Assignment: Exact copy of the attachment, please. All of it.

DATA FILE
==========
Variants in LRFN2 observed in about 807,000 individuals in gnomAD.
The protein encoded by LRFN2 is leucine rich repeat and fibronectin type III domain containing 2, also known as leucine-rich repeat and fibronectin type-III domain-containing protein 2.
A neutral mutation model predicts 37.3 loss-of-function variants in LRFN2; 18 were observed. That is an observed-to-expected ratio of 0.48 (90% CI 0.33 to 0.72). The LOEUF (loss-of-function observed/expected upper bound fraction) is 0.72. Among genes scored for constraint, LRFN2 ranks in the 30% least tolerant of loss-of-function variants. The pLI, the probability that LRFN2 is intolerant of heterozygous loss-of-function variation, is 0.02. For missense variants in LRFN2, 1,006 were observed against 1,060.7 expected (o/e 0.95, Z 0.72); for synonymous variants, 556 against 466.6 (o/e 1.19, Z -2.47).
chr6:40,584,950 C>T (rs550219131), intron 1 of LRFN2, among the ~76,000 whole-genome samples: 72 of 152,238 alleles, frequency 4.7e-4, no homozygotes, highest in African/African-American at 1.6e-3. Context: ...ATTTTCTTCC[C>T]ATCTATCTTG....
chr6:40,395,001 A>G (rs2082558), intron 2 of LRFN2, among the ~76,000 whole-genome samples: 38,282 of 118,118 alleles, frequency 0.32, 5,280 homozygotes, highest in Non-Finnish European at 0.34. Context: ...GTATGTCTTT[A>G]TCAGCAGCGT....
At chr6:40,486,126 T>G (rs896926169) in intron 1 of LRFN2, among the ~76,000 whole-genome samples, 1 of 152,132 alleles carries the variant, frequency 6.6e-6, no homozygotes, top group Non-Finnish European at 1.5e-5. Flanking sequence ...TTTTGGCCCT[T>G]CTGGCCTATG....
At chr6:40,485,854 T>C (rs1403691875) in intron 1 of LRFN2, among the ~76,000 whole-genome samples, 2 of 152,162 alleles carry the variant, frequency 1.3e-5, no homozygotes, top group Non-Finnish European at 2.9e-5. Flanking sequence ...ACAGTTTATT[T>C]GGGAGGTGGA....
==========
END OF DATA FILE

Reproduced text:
Variants in LRFN2 observed in about 807,000 individuals in gnomAD.
The protein encoded by LRFN2 is leucine rich repeat and fibronectin type III domain containing 2, also known as leucine-rich repeat and fibronectin type-III domain-containing protein 2.
A neutral mutation model predicts 37.3 loss-of-function variants in LRFN2; 18 were observed. That is an observed-to-expected ratio of 0.48 (90% CI 0.33 to 0.72). The LOEUF (loss-of-function observed/expected upper bound fraction) is 0.72. Among genes scored for constraint, LRFN2 ranks in the 30% least tolerant of loss-of-function variants. The pLI, the probability that LRFN2 is intolerant of heterozygous loss-of-function variation, is 0.02. For missense variants in LRFN2, 1,006 were observed against 1,060.7 expected (o/e 0.95, Z 0.72); for synonymous variants, 556 against 466.6 (o/e 1.19, Z -2.47).
chr6:40,584,950 C>T (rs550219131), intron 1 of LRFN2, among the ~76,000 whole-genome samples: 72 of 152,238 alleles, frequency 4.7e-4, no homozygotes, highest in African/African-American at 1.6e-3. Context: ...ATTTTCTTCC[C>T]ATCTATCTTG....
chr6:40,395,001 A>G (rs2082558), intron 2 of LRFN2, among the ~76,000 whole-genome samples: 38,282 of 118,118 alleles, frequency 0.32, 5,280 homozygotes, highest in Non-Finnish European at 0.34. Context: ...GTATGTCTTT[A>G]TCAGCAGCGT....
At chr6:40,486,126 T>G (rs896926169) in intron 1 of LRFN2, among the ~76,000 whole-genome samples, 1 of 152,132 alleles carries the variant, frequency 6.6e-6, no homozygotes, top group Non-Finnish European at 1.5e-5. Flanking sequence ...TTTTGGCCCT[T>G]CTGGCCTATG....
At chr6:40,485,854 T>C (rs1403691875) in intron 1 of LRFN2, among the ~76,000 whole-genome samples, 2 of 152,162 alleles carry the variant, frequency 1.3e-5, no homozygotes, top group Non-Finnish European at 2.9e-5. Flanking sequence ...ACAGTTTATT[T>C]GGGAGGTGGA....